Illustration Credit: Elad Lifshitz, Dov Abramson Studio

Sof Pasuk is a very common note in the Torah—it appears in every single verse! That’s because it ends the verse and tells you where it stops. In some ways, it is the most important note. Remember, the Torah is written without vowels or stops, so you can’t know where the verses end just by looking at a Torah scroll. That’s the job of sof pasuk.

It has two parts—a vertical line that marks the accent of the final word in the sentence, and two dots that follow the end of the word. Usually, a bunch of other notes lead into the sof pasuk, but a few times (34 to be exact), it appears all on its own, immediately following an etnahtah (see last week). Our parashah has two examples of this:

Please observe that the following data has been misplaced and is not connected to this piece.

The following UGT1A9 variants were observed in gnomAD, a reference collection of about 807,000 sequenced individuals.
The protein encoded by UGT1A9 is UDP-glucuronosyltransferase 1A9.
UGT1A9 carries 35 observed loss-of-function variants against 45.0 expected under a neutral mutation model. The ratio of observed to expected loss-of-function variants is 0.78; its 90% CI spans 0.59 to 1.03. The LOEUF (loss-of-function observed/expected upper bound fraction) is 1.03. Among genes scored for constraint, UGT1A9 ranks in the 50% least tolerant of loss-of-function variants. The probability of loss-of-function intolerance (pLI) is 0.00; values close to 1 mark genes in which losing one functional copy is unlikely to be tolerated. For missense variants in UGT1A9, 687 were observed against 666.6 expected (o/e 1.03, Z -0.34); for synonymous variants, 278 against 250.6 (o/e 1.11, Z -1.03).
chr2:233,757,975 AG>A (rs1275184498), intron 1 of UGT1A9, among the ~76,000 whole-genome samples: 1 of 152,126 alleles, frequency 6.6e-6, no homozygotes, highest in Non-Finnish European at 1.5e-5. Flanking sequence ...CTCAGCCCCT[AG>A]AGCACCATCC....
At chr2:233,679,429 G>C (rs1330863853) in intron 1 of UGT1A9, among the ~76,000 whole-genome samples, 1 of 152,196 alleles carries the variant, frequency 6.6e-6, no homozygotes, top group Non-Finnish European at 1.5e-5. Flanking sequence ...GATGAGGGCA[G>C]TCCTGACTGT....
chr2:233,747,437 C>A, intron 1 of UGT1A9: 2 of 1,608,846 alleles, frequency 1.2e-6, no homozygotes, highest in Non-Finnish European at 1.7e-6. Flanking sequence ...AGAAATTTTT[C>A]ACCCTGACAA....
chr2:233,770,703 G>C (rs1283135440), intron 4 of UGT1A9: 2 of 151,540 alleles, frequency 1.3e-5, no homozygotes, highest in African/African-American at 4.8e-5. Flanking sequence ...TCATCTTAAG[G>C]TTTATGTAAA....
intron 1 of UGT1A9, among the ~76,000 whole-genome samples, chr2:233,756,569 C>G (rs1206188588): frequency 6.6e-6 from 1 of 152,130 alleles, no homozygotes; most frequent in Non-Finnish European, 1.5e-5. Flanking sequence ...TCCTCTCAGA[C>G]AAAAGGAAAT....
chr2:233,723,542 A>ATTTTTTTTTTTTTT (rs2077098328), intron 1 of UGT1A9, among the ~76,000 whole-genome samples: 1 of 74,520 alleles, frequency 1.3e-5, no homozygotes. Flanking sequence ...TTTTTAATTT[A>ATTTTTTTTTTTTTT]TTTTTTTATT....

וְהַמְּלָאכָ֗ה הָיְתָ֥ה דַיָּ֛ם לְכׇל־הַמְּלָאכָ֖ה לַעֲשׂ֣וֹת אֹתָ֑הּ וְהוֹתֵֽר׃
their efforts had been more than enough for all the tasks to be done.
וּשְׁנֵ֤י קְרָשִׁים֙ עָשָׂ֔ה לִמְקֻצְעֹ֖ת הַמִּשְׁכָּ֑ן בַּיַּרְכָתָֽיִם׃
and they made two planks for the corners of the Tabernacle at the rear.

Can you count up the total number of verses in this week’s parashah?